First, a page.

The General Problem With Project Grants

George W. Sarris
Christian Herald Association
New York, NY

Thank you for the article in the April 2002 edition (“General Support? Sounds Nice, But …”). I work in the foundations area at Christian Herald Association. We oversee the work of The Bowery Mission and Kids With a Promise in New York City.

What you have said about the importance of giving to general support is so true. So many foundations want to give to “new, innovative” programs, which generally never work because they are untried experiments. If by chance they do actually work, they are often doomed because the foundations only want to sponsor the programs for one year. Since other foundations also want something “new and innovative,” the first program gets left out in the cold because it no longer fits that description.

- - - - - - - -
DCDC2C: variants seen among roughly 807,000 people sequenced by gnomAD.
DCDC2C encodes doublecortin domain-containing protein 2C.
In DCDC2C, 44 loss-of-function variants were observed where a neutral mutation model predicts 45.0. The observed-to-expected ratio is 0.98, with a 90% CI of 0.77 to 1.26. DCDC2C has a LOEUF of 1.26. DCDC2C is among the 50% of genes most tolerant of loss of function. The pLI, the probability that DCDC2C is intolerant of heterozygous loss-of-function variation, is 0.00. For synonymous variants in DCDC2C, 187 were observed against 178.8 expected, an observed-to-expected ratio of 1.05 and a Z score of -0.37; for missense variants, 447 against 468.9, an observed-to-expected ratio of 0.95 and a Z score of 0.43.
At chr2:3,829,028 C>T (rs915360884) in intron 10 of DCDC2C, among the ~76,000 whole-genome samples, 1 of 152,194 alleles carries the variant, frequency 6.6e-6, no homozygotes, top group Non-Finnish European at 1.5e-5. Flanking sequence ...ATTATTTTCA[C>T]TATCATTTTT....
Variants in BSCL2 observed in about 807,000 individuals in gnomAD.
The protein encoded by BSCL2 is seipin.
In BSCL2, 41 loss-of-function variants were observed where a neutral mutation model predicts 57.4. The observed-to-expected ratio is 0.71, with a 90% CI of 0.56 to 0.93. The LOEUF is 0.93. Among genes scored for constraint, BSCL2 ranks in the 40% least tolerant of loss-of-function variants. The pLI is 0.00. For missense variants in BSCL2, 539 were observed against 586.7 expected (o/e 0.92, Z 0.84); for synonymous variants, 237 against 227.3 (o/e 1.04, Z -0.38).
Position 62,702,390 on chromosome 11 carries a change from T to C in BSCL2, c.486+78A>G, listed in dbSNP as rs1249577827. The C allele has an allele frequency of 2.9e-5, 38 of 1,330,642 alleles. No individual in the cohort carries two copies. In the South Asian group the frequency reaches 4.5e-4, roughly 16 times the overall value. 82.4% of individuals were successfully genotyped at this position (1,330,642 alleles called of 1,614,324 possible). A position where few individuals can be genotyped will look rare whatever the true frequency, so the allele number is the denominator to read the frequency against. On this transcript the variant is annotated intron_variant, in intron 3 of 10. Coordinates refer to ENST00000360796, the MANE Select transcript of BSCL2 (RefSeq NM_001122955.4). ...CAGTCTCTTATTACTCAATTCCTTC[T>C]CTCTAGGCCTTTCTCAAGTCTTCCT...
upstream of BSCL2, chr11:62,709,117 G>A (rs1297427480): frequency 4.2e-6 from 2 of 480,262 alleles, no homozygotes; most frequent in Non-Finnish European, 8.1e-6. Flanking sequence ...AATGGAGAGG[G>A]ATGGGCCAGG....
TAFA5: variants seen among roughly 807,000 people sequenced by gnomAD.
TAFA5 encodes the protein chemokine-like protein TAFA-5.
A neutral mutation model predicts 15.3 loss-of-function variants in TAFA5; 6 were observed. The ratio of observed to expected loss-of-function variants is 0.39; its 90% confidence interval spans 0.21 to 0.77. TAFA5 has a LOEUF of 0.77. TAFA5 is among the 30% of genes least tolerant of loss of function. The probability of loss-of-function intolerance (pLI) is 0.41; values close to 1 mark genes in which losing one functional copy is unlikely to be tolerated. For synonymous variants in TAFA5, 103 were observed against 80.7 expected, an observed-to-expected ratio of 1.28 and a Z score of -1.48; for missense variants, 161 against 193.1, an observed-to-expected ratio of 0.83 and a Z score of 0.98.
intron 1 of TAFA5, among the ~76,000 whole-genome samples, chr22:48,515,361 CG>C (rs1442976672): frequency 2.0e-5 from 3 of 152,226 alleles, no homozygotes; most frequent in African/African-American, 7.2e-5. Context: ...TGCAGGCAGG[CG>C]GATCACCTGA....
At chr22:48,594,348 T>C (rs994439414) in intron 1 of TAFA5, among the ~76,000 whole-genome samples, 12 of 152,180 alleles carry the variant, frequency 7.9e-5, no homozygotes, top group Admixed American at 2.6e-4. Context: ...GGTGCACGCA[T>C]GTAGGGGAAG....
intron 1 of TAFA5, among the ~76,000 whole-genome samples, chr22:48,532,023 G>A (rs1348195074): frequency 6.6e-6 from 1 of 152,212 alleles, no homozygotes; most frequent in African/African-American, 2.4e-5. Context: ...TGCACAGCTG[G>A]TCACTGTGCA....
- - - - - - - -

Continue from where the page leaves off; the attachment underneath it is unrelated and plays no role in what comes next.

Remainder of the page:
Programs that do work are the ones that are tested by time and have endured. If the foundations want to know if their money is being spent wisely, they need only look at the overall effectiveness of the organization.

The Bowery Mission Transitional Center (one of our ministries) is funded by general support from the city and state of New York. Because we can focus on doing what we do best without worrying about creating “new, innovative” programs, we have been the No. 1 performing substance abuse center in the City of New York for the last five years.
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